However, as long as somebody's actually tested out using your "openacs-x-y-z-compat" CVS tagging convention, has concluded that in practice it doesn't cause trouble, and has specific instructions and examples of how to use it (which can later go into the docs), then sure, in that case it should be fine. In other words, I think the basic organization and strategy of your CVS tagging conventions above make sense, I'm just questioning whether anyone's checked whether in practice it is convenient and simple to work with, or if it causes extra trouble that might not be worth it.

The current package locations in CVS precisely mirror the locations they need to actually be in the CVS checkout in your filesystem in order to actually use those packages. This is a good thing. Malte, I'm not sure what you mean exactly with your "two trees" proposal (clarify please?), but if you mean changing the CVS repository around in ways which move packages into non-runnable locations, I don't really see why that would be worthwhile.

Oh! An alternate solution might be to just put the "openacs-x-y-z-compat" tag on both the core and non-core packages. I mean, a core package would still have the "openacs-x-y-zw" tag, but at the same location, it'd also have the "openacs-x-y-z-compat" tag. That gives one tag that is identical across all the latest packages compatible with a particular core release, regardless of whether those packages are part of the core release or not.

I'm sorry, Andrew, your alternate solution is simply too obvious to work.  :)
My idea is to use a non-core package repository as we do with dotlrn at the moment. If you want to have more than your usual set of packages, you can either install them using the webinterface or you can do a cvs checkout out of the non-core package repository. Each package could get a tag for each core-version it has been reported to work, so you could say:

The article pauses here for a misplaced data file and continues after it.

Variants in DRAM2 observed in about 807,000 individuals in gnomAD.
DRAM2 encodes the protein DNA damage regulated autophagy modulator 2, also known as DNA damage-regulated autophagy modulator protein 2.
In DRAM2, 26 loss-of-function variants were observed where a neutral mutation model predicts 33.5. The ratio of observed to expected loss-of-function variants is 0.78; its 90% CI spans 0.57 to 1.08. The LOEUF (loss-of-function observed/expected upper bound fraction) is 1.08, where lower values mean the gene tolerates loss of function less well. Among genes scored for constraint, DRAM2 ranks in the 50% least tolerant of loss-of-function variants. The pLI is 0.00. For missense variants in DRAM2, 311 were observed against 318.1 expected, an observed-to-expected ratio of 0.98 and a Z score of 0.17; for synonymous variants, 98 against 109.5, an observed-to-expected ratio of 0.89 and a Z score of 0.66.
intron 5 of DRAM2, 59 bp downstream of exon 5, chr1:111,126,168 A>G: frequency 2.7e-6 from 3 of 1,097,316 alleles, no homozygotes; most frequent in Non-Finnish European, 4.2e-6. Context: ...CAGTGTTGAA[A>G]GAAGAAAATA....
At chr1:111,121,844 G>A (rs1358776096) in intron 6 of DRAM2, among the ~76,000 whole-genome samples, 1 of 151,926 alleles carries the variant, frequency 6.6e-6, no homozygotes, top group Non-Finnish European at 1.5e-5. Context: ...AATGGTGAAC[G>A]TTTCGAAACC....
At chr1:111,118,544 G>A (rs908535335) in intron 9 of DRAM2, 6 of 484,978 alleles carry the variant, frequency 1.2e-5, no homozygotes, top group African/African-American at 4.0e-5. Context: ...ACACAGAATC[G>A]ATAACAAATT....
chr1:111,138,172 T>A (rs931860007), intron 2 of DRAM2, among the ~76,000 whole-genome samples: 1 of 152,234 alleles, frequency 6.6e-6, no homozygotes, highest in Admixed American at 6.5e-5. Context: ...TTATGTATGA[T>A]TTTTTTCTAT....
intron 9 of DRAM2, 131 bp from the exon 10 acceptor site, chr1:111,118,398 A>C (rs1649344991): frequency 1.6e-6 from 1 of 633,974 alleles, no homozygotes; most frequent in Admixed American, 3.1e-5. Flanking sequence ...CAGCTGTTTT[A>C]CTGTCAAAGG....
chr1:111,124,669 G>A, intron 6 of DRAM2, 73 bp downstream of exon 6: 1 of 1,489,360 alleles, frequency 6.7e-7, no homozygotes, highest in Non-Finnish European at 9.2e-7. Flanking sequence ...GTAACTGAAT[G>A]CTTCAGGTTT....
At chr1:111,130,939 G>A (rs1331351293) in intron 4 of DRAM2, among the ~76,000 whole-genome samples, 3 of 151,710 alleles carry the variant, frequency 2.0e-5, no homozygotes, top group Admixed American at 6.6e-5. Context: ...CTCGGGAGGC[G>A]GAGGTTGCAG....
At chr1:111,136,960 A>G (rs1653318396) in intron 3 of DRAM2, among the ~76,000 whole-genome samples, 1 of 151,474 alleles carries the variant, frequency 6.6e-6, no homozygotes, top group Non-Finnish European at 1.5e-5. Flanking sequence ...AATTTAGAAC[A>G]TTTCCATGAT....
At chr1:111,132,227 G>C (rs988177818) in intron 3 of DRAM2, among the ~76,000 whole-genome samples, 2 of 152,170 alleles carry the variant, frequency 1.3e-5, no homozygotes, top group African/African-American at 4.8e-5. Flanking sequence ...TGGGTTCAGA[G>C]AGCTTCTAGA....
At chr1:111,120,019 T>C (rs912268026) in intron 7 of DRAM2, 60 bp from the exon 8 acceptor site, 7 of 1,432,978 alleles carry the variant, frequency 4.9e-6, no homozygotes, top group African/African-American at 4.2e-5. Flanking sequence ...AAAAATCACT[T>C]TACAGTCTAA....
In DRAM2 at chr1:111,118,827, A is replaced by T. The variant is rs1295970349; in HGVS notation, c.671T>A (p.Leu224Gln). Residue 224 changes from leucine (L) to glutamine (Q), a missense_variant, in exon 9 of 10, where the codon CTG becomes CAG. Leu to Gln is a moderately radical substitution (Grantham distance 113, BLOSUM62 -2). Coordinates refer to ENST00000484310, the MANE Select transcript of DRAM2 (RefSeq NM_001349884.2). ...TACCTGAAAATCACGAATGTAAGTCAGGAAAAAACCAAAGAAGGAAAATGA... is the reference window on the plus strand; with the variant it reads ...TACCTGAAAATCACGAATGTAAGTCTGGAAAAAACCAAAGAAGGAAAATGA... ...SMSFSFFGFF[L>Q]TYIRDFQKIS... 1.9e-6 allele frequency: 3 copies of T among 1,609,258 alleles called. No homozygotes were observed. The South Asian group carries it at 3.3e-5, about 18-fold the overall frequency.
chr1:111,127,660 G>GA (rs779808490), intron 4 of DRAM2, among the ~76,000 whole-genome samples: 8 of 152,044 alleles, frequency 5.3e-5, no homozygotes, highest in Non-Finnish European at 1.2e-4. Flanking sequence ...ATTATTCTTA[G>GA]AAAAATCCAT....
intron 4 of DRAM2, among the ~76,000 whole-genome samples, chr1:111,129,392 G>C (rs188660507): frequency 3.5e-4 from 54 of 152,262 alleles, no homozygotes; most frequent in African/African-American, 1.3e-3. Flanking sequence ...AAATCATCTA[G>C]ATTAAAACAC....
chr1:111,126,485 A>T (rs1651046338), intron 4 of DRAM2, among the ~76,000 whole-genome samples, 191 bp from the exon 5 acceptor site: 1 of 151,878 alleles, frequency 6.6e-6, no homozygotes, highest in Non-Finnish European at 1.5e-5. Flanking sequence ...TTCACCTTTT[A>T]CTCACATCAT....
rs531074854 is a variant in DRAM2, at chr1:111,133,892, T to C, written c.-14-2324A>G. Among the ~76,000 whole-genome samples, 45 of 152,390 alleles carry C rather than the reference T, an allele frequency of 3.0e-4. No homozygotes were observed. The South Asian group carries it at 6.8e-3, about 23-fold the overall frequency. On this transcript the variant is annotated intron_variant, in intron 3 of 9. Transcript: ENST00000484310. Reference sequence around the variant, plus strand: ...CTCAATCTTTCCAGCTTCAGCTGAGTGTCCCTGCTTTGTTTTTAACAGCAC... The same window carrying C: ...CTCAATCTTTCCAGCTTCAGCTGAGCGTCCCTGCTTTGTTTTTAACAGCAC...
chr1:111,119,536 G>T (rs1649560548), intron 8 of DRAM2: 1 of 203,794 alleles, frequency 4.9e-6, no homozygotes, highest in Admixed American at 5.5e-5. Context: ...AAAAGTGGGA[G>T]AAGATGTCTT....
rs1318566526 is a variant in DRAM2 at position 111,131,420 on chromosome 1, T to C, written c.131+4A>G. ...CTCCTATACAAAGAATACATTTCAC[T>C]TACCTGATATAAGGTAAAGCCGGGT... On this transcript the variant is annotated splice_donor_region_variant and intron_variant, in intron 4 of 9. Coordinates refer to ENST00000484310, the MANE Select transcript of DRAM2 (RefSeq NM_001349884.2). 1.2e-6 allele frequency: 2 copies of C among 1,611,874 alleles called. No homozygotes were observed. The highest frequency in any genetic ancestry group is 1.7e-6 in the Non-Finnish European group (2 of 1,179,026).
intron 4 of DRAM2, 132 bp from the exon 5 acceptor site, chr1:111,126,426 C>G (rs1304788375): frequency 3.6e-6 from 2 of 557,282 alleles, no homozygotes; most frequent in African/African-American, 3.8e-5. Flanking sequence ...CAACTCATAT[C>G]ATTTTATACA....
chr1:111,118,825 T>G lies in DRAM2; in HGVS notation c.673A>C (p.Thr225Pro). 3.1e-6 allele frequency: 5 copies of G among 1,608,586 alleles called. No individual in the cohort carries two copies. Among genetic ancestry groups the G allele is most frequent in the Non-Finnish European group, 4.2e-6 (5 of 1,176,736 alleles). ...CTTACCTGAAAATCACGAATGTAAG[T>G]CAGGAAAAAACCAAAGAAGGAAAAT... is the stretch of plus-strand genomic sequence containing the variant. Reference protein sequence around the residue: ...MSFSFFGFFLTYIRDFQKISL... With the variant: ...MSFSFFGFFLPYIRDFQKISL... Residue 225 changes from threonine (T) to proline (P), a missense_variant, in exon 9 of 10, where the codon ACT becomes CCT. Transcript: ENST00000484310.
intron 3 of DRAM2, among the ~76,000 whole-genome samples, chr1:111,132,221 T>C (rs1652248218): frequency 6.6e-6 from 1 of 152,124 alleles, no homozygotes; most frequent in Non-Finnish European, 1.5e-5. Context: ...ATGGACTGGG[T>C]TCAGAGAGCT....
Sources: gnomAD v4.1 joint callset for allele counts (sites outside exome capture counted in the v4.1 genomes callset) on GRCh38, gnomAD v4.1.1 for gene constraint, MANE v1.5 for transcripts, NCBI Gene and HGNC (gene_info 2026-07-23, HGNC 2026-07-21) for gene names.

cvs -d /non-core-cvsroot -r openacs-5-2 forums

This would allow in the long run to distribute packages not from the cvs repository at This might be good, if someone forks a package for a reason, that does not apply to everybody but a certain subset of OpenACS users.

But it does not have to be that way.

Andrew's suggestion is elegant. But there's no reason that the same "standardized" tag couldn't be used across isolated repositories as Malte suggested. And, the same version of a package could be tagged with multiple "compat" tags. Sounds pretty cool to me...
If there's a desire for it, Malte's suggestion sounds basically reasonable, but there are some drawbacks.

If in your packages directory, you have package A checked out from one CVS repository and package B checked out from another, doing CVS operations withing either package A or B will work just fine, but doing any operations across both package A and B at once (e.g., "cvs -nq up") will not work. At least, it didn't work when I just tried it.

The packages directory has a CVS/Root file too of course. Let's say that it points to repository-A, but package-B is checked out from repository-B instead. Well, repository-A doesn't have any packages/package-B directory, so when CVS sees package-B, it just silently skips it. The fact that packages/package-B/CVS/Root points to a different yet valid repository makes no difference.

For any real site you'd already have vendor imported everything into your own CVS repository anyway, so it doesn't matter there. What about OpenACS developers doing stuff that requires co-ordinated change across multiple packages? Malte says dotLrn CVS is set up that way now, so re-factoring and moving code from dotLrn into OpenACS should be a good test case. You guys who've done any of that, are you ok with the way CVS has worked for you there?

Btw, it'd be good to hear first hand experiences with split repositories, but until I do, my gut feeling is to leave as much as possible in the main OpenACS CVS repository unless there's a particularly strong reason to do otherwise. Having everything in one place is nice, and CVS just isn't designed to deal with distributed anything.
My first hand experience from releasing both OpenACS and .LRN, which is on a separate repository on the same box: mildly annoying, not critical. Had to write and debug some extra batch commands to keep it convenient, and it introduces an extra layer of opportunity for error. Would rather not do it without a pressing reason.